Friday, September 29, 2006
-The House of Representatives recently approved a bill giving President Bush authority to wiretap without a warrant, but with restrictions.
-Though it wasn't directly stated in the article, I have inferred that this bill was passed very much along party lines, with Republicans voting for the measure and Democrats opposing it.
-After passing the bill, Republicans actually called this a test as to whether the Democrats want to fight, or would rather coddle terrorists.
-One legislator basically said that the Democrats were always coming up with excuses why they couldn't support various pieces of legislation and claimed that this speaks volumes about which party is tougher on terror.
Now, after all of this crap, the whole point is made moot, because the bill the House passed won't become law anyway... at least not until after the November elections. Why? Because the Senate and House do not have a united bill to send to the White House. The whole basis of this article was that the House was patting itself on the back through posturing. The House Republicans were trying to make themselves appear tough on terror, and parroting the party propaganda while actually doing nothing.
I'm tired of being silent about this. If I disappear, you will know that it's because what I said was a little too close to home for the Bush Reich.
-Opposing warrantless wiretapping is NOT coddling terrorists.
-Opposing the status quo in Iraq is NOT cutting and running, and it is not coddling terrorists.
-Speaking out against Bush, Cheney, Rumsfeld, Rove and the other Bushies is NOT unpatriotic.
-Trying someone without letting them know what they're being charged with is WRONG.
-Trying someone without letting them see all of the evidence is WRONG.
-Trying someone without letting them face their accusor is WRONG.
-Holding someone indefinitely without reasonable evidence that they did something wrong is WRONG.
-Expecting the people to spend whatever you want on this war, for however long you want, without any justification, cost accounting or fiscal responsibility is WRONG.
Now, by the same token...
-Leaving Iraq now is WRONG. I like Colin Powell's "Pottery Barn" analogy... you break it, you bought it.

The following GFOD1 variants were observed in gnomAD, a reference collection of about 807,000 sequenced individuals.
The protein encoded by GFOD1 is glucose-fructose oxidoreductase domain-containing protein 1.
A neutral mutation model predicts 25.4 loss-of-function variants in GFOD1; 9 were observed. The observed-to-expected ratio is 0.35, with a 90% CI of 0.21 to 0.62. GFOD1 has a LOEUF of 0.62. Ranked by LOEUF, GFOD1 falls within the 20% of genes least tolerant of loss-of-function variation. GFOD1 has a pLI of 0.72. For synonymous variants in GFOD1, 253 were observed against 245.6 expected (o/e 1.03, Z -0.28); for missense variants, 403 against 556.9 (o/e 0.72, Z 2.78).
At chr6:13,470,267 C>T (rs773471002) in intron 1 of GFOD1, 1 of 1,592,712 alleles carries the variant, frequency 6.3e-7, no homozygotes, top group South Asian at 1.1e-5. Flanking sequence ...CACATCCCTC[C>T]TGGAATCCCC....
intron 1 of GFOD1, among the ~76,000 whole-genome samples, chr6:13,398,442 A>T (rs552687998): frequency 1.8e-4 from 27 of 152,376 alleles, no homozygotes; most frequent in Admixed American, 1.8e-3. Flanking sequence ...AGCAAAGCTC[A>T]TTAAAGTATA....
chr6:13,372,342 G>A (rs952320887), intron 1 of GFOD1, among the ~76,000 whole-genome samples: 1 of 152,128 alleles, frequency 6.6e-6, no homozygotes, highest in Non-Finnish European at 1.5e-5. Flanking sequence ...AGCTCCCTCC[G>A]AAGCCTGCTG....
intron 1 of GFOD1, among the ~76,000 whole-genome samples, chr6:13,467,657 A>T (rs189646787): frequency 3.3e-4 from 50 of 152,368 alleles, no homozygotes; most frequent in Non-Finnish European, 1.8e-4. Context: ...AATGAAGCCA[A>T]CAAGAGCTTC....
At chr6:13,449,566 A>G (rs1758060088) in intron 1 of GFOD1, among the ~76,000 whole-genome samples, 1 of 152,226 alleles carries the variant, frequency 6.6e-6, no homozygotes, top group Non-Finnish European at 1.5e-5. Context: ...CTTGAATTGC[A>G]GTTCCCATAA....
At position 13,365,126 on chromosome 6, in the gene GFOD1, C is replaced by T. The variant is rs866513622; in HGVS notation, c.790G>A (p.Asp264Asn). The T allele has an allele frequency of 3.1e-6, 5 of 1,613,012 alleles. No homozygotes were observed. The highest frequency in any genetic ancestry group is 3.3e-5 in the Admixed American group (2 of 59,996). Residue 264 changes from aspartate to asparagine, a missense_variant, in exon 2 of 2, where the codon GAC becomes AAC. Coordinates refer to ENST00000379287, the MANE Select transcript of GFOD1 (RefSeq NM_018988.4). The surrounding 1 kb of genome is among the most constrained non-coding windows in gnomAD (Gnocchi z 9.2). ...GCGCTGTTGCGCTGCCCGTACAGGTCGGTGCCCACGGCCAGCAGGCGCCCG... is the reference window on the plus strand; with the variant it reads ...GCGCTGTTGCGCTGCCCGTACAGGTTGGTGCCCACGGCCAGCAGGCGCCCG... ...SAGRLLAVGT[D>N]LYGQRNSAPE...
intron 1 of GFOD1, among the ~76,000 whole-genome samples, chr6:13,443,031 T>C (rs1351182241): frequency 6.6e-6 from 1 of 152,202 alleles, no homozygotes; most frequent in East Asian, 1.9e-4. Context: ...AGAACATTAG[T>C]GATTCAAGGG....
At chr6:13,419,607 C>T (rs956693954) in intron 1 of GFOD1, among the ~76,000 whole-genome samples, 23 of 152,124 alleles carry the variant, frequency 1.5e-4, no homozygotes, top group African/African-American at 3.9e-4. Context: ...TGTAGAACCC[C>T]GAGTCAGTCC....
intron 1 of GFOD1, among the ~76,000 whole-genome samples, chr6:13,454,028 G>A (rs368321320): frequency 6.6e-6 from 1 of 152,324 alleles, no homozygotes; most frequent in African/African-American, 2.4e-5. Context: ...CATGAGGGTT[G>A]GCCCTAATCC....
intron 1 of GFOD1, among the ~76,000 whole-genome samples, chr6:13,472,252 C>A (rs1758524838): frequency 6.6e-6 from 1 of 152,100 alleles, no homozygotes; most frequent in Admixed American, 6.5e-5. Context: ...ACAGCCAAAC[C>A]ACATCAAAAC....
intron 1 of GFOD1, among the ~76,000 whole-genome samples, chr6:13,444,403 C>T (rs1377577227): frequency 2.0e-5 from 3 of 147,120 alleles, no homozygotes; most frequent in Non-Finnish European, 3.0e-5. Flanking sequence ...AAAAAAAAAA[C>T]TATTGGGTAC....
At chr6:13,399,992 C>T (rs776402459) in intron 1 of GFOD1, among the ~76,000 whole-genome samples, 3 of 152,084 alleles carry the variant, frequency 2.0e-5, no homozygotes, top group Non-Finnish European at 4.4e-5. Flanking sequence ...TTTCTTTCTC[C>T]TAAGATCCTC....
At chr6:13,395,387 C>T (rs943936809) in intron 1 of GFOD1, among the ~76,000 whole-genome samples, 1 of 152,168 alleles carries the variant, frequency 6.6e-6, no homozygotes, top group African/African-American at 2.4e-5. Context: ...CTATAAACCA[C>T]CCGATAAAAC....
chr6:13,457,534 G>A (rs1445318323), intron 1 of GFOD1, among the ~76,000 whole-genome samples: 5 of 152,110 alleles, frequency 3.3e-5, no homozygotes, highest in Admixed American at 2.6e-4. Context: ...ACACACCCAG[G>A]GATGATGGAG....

-Expecting to fight a war without casualties is WRONG. This is going to sound calloused, but in war there MUST be such a thing as acceptable loss. Our current death toll, while unfortunate, is a very small number.
-Assuming that violence is never the answer, and that negotiations will always yield results is WRONG. That mentality is what allowed the Nazis to march into Paris, and it's why Tibet is now part of China!
-Fighting a war without expecting to have to tighten your belt domestically is WRONG.
Wednesday, September 27, 2006
My kids were fighting, as kids often do. Per my usual routine, I kept tabs on it and allowed them to fight it out on their own. After a quick shower, I discovered my younger daughter laying in my bed sobbing. While I was in the shower, they started hitting and kicking each other. They can yell at each other, call each other names, say they never want to speak to each other again, and I'll let that slide. But I don't allow them to hit and kick each other. Last time they did it, I said I'd punish them next time it happened, and I followed through with my promise this morning.
They both seemed completely unfazed when I told them they'd be grounded, so I upped the stakes and told them it was for a week. After all, it's not really punishment if the punishment doesn't bother them. That got their attention, but it's also where things got bad.
My younger one wisely quieted down. My older one, being a teenager who possesses all of humanity's knowledge and wisdom, decided to challenge my decision. Here are some of the highlights...
"Dad, you said that we can stand up for ourselves at school and with friends and that you'd back us up. Why can't we do that here?"
'Fine, you can't stand up for yourself at school now either."
"Dad, how come you can raise your voice, point, cut me off and yell, but I can't?"
"Because I'm the boss. The boss has privileges that others don't. Get used to it, because that will never change."
"Dad, you can't ground me. I've got a school function."
"You're not going."
"It's for student council." (Ouch, that one hurt me!)
"I don't care, you're still not going. You don't tell me how I can ground you."
"Well you're going to tell the teacher then."
"I don't think so. That's just become part of your punishment. You can now tell your teacher that you won't be able to attend Friday's function, because you got grounded for being a smart-ass."